After a 1,300-mile journey, the “MAGA-mobile” arrived in Casper towing a trailer with former President Donald Trump’s face on it.
Casper welcomed Bill Bailey and his self-proclaimed “largest mobile Trump store in the nation” last Thursday. Since Bailey fought off the Casper wind and set up his four tents, he’s seen thousands of customers, with roughly 400 on the first day, he said.
As Bailey, decked head-to-toe in red, white and blue Trump gear, spoke to a reporter when he was interrupted by a confused customer.
“I want the one that says ‘F*** Biden,’” the customer said.
Bailey returned to the interview after ensuring the customer got what he wanted.
“The F Biden always sells,” he said.
Bailey is in town for the Trump rally, taking place Saturday at the Ford Wyoming Center. Trump is visiting Casper to support lawyer Harriet Hageman, his choice to unseat Rep. Liz Cheney. Cheney became one of Trump’s main targets after she voted to impeach him following the Jan. 6 attack on the Capitol.
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The rally is expected to draw thousands to Casper. But even before the Trump visit, it was going to be a busy weekend for the Oil City. Casper will host high school graduations, a soccer tournament and a classic car show during the holiday weekend.
All five hotels in closest proximity to the events are fully booked over Memorial Day weekend. Some have been at capacity since before Trump announced his rally. Once Trump’s visit was announced, however, hotels bookings soared. Each of the five hotels have around 100 rooms.
“I just feel bad for the soccer people,” said Debbie Nansen, an assistant at the Quality Inn, a hotel near the venue. “They’re not finding rooms at all for their kids.”
The Motel 6, the lodging closest to the center, raised its prices from its typical rates of $55-79 per room to $220 per room specifically for the rally.
Casper hotels farther away from the Ford Wyoming Center are so booked up that some rallygoers are finding lodging in Douglas, a town about 50 miles down Interstate 25.
Sam Kingsolver, general manager at a hotel on the outskirts of Casper, said she doesn’t know of a single hotel in Casper that still has occupancy.
“The positive effect of that is visitors spend in the local economy,” said Tia Troy, spokesperson for Visit Casper. “It is going to make a major economic boost.”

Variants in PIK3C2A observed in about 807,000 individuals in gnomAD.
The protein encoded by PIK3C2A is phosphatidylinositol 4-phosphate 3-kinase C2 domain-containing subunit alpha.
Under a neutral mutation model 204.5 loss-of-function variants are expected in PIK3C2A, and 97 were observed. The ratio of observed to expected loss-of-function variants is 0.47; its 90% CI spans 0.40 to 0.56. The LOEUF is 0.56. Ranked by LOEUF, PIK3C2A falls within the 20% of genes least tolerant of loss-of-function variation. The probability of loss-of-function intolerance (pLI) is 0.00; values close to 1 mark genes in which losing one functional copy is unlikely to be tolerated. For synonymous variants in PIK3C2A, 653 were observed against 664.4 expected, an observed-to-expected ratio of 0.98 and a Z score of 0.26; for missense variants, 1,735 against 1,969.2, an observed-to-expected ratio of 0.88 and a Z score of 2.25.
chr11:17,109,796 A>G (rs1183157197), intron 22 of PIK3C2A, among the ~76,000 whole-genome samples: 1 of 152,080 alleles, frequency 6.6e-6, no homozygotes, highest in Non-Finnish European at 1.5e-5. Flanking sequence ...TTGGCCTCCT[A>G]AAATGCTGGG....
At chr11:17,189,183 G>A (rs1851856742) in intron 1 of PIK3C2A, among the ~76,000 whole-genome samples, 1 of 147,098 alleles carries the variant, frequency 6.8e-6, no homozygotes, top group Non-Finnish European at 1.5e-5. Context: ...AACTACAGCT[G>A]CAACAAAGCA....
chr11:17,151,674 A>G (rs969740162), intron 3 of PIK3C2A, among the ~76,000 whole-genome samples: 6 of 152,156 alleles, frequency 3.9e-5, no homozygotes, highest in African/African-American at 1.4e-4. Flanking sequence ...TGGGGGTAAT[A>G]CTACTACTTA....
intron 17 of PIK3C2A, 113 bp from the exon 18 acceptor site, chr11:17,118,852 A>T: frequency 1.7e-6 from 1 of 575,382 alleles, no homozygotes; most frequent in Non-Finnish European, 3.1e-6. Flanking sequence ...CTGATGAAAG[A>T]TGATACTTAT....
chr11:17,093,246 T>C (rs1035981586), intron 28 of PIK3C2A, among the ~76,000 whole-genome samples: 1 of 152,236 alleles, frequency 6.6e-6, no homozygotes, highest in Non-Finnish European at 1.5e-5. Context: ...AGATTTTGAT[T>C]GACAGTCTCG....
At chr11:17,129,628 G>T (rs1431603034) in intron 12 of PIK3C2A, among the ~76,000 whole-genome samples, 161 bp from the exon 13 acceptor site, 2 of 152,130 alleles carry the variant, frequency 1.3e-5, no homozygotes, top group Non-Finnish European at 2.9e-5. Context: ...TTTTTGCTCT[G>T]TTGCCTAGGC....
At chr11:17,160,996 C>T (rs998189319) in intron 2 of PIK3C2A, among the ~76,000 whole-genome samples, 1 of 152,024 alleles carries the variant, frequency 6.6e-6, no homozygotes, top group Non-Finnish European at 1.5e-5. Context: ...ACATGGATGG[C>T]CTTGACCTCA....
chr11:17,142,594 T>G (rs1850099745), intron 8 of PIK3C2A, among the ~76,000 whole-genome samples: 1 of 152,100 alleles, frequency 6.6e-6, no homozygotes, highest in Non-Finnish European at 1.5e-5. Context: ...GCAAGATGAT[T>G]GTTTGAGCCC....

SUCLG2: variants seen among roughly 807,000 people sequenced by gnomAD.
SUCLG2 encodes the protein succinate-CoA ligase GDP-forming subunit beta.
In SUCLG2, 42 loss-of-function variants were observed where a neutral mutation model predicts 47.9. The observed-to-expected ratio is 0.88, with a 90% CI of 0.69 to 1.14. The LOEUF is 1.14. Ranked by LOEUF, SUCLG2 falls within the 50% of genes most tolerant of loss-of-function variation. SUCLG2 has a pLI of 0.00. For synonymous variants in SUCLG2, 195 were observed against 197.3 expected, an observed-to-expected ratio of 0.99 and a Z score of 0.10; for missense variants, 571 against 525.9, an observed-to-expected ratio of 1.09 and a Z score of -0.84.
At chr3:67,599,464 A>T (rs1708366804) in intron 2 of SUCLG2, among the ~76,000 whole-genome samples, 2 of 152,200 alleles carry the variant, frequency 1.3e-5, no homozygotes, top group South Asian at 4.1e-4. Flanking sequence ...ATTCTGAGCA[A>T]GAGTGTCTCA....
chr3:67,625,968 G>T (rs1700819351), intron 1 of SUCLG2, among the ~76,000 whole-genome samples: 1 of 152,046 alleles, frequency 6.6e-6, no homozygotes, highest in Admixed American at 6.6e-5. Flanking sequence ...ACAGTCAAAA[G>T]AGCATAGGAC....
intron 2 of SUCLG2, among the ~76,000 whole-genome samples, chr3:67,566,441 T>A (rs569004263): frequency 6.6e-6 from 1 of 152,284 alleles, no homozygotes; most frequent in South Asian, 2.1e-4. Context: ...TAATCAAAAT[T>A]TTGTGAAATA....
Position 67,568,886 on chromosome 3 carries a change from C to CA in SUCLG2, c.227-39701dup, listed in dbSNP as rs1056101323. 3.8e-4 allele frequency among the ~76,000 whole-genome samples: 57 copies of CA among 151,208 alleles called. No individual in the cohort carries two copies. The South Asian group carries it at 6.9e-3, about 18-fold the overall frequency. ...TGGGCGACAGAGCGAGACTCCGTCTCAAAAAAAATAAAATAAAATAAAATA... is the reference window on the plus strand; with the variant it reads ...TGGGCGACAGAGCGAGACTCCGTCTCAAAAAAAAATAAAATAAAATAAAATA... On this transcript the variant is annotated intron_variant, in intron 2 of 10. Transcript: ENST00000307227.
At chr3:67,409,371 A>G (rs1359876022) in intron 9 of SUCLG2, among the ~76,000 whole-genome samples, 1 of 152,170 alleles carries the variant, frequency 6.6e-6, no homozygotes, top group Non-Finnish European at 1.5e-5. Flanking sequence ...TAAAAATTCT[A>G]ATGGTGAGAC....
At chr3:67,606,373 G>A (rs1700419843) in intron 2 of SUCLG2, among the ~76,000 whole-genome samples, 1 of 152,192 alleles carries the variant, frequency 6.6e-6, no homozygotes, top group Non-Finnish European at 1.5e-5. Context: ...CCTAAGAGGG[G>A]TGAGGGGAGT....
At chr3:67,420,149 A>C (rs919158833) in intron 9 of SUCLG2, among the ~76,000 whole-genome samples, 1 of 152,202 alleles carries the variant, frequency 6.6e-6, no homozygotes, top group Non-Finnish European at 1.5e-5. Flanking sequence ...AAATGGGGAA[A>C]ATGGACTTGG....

In all, the city expects to spend around $40,000 on additional staffing between police and fire, according to City Manager Carter Napier.
Ford Wyoming Center General Manager Brad Murphy said the venue is expecting around 10,000 attendees. “That’s really cool for our city. That’s really great for our state,” he said.
One of Trump’s leadership PACs is paying “full rates” for staffing, rental of the facility and equipment.
Murphy is not able to reveal how much a client pays, but full rates start at $5,000 to rent the entire venue, according to a document obtained by the Star-Tribune.
Trump’s PAC is also renting 11 of the venue’s 14 parking lots (the others are for first responders) at $500 each, adding another $5,500, to bring the total spend to at least $10,500. Local officials anticipate needing every space in those lots, plus overflow near the venue.
That doesn’t include the cost of staffing the event. Murphy said there will be at least 100 people working Saturday, including concessions, parking attendants and operational staff. Based on hourly rates for workers, labor will likely add at least another $2,500 to the bill.
Around town, merchants are trying to get in on the action.
Wyoming Shirt and Gift is printing new hats and shirts for the rally, mostly with “Let’s go Brandon,” a code for criticizing Biden. The business is hoping to make some extra money this weekend, but the former president is a consistent source of income, said John Trimmer, who is “sometimes” the manager of the shop.
“We always capitalize on Trump,” he said.
The Trump merchandise market is lucrative for some. After 26 hours of continuous driving, Brad Jackson and Mark Henson made it to Casper. The duo have been Trump merchandise vendors since 2015.
Jackson doesn’t drive and slept “like a baby” most of the way, so Henson was powering through the whole time.
“I don’t have stamina, I have four kids,” Henson said.
Jackson is a father too, and Trump merchandise is the main source of income for both men, even after they donate about 20% of their profits to the former president.
Ultimately their 1,700-mile journey from Baltimore to Casper cost $600 in gas.
“When Trump was around, it would have been half that,” Henson said.
Staff writer Ellen Gerst contributed to this report.
Follow state politics reporter Victoria Eavis on Twitter @Victoria_Eavis